At school, there are clear expectations.  He knows exactly what he is supposed to do and when he is supposed to do it.  He’s had years of visual schedules and (hard fought) EA’s to help guide him along.  He has people telling him exactly what he needs to do and what the consequences are if he doesn’t comply.  He chooses to do the things asked of him only because he’s learned that things go much easier and happier when he complies.  To me, this feels like he’s learned action and consequence and the importance of doing what he is asked to/needs to do in the world – as far as the tests are concerned, it means he’s just learned to parrot back the responses that get everyone to leave him alone the quickest.

I KNOW he’s learned a lot.  I know he has empathy (something many autistic people struggle with) in spades and he’s learning how to cope with it and use it to help others.  He takes pride in doing something kind for someone else.  He cares about his dad and I and goes out of his way to do things to make us happy or to lighten our loud.  Right now, I can hear him in the kitchen asking his dad how work was and when Dayne provides a short “it was fine” answer, Colt probes for more.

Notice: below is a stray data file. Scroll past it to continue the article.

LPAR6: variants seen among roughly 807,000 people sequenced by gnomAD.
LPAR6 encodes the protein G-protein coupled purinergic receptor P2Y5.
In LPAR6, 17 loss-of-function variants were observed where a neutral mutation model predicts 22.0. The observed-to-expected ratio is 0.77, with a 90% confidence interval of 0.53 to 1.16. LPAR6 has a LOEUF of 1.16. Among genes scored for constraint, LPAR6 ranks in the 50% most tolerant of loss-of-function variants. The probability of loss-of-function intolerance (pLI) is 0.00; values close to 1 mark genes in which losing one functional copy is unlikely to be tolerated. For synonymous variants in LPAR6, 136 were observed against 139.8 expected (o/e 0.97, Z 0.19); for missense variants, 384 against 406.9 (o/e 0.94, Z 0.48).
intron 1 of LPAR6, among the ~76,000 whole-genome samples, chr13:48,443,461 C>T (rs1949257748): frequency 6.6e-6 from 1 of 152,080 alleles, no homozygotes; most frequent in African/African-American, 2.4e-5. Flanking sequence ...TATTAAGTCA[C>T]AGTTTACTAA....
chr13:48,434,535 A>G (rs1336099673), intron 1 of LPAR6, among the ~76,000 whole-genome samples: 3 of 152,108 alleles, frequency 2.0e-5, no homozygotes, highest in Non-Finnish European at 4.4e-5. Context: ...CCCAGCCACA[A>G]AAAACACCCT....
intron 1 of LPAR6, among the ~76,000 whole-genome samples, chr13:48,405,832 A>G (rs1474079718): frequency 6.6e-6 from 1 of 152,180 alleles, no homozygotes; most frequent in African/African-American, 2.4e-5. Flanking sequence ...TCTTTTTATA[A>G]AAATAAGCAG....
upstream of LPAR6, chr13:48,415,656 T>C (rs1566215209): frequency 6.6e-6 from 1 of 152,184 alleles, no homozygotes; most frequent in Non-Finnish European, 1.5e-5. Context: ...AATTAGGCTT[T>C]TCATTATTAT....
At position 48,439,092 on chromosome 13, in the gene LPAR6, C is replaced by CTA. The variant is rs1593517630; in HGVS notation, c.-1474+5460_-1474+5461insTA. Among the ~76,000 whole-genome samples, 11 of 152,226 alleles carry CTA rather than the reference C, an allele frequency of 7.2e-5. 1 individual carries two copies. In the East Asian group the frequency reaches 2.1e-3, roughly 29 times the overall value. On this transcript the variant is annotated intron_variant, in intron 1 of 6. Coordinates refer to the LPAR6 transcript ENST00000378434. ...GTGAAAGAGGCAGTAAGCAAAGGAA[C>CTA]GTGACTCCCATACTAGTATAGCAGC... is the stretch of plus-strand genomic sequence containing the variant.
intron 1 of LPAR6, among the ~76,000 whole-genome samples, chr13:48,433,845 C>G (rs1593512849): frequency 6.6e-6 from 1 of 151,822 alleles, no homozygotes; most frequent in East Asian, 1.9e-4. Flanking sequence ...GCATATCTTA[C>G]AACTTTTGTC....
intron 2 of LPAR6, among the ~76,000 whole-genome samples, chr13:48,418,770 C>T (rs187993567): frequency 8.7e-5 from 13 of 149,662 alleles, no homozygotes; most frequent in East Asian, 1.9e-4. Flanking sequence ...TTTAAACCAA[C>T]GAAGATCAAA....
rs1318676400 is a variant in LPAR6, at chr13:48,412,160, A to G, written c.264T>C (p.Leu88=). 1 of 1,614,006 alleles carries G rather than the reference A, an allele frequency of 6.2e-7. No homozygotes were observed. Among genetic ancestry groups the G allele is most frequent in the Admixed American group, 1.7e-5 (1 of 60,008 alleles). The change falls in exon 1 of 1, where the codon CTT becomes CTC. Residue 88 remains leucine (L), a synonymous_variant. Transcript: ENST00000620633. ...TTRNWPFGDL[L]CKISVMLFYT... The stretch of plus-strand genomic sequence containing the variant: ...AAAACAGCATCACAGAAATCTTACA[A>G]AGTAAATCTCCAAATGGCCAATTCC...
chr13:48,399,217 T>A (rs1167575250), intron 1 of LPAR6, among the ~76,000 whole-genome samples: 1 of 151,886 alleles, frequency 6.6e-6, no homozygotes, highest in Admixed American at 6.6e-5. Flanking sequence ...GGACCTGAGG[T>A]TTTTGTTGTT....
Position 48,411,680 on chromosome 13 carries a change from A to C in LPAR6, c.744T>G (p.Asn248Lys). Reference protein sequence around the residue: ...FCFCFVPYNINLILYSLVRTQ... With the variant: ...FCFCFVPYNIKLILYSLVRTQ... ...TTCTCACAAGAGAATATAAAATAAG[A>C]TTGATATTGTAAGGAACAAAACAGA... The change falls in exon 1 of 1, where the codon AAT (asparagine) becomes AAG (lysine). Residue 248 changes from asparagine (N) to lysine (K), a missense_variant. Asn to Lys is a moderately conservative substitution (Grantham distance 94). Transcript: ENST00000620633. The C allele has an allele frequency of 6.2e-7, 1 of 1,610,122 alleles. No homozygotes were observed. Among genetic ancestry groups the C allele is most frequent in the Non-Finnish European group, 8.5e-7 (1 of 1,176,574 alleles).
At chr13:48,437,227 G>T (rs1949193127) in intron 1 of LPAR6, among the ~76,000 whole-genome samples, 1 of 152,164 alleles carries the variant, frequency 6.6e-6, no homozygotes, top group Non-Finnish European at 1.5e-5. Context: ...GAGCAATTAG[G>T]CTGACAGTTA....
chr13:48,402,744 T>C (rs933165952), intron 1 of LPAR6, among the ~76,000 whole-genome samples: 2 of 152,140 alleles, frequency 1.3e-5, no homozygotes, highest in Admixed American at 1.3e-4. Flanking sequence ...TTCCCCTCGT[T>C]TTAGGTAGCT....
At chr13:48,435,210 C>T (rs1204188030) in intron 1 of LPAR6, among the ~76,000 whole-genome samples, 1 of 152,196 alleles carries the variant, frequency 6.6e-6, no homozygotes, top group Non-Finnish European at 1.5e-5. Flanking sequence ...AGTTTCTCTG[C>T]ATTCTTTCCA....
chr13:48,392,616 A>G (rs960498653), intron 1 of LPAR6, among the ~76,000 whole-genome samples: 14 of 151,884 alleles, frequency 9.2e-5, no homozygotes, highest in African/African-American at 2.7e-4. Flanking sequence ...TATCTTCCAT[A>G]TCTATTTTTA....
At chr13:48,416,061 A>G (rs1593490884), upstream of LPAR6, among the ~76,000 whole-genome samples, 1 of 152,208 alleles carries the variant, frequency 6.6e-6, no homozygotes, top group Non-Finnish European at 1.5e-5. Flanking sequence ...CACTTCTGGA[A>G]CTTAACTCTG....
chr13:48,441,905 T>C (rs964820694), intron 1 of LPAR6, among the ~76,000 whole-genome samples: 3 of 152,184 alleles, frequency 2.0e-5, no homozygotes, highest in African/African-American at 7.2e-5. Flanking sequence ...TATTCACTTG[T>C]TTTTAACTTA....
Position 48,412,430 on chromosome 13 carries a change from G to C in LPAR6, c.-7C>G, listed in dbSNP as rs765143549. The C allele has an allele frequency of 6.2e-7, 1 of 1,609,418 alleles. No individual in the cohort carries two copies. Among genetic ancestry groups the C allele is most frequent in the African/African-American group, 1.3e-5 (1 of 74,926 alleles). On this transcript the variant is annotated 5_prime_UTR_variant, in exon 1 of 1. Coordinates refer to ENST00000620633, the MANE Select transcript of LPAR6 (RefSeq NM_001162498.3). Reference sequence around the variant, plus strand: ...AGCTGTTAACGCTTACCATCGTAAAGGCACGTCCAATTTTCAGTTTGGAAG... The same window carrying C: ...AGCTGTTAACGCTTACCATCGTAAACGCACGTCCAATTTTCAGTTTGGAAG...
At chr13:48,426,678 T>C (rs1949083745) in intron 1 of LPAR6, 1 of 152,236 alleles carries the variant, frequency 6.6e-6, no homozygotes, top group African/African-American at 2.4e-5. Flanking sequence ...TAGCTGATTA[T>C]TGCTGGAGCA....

“No dad.  How did things go at work for real?  Did anyone make you feel happy?  Frustrated?  Was your boss in a good mood?”

He’s trying.  Right?  He’s trying to connect using the tools he’s learned through people trying to connect with him.  That’s how all humans do it….just maybe a little more on instinct than Colt does.  He needs to be shown exactly how something works before he understands it.  He needs to be given the tools.  If he’s asked a question he doesn’t know the answer to, he bursts into tears.  If he’s asked something he can connect a memory to that turned out well, he defaults there.

For most of his life, he has clung to happy experiences.  The first Christmas he can remember has been the default until the last few years.  He asked for certain things (not really understanding, but we knew what he favoured and enjoyed playing with, of course) and he was delighted when he got to open presents that contained amazing things that made him happy.  Every single Christmas to follow, he asked for an exact repeat of that first one.  He wanted the same toys, the same books, the same experience.  It was just the last few years he’s been able to expand his requests to include new interests.  Shit, we’ve only been able to get him to be okay with a Christmas tree in the house for a few of them.  (TREES DO NOT GO IN THE HOUSE!)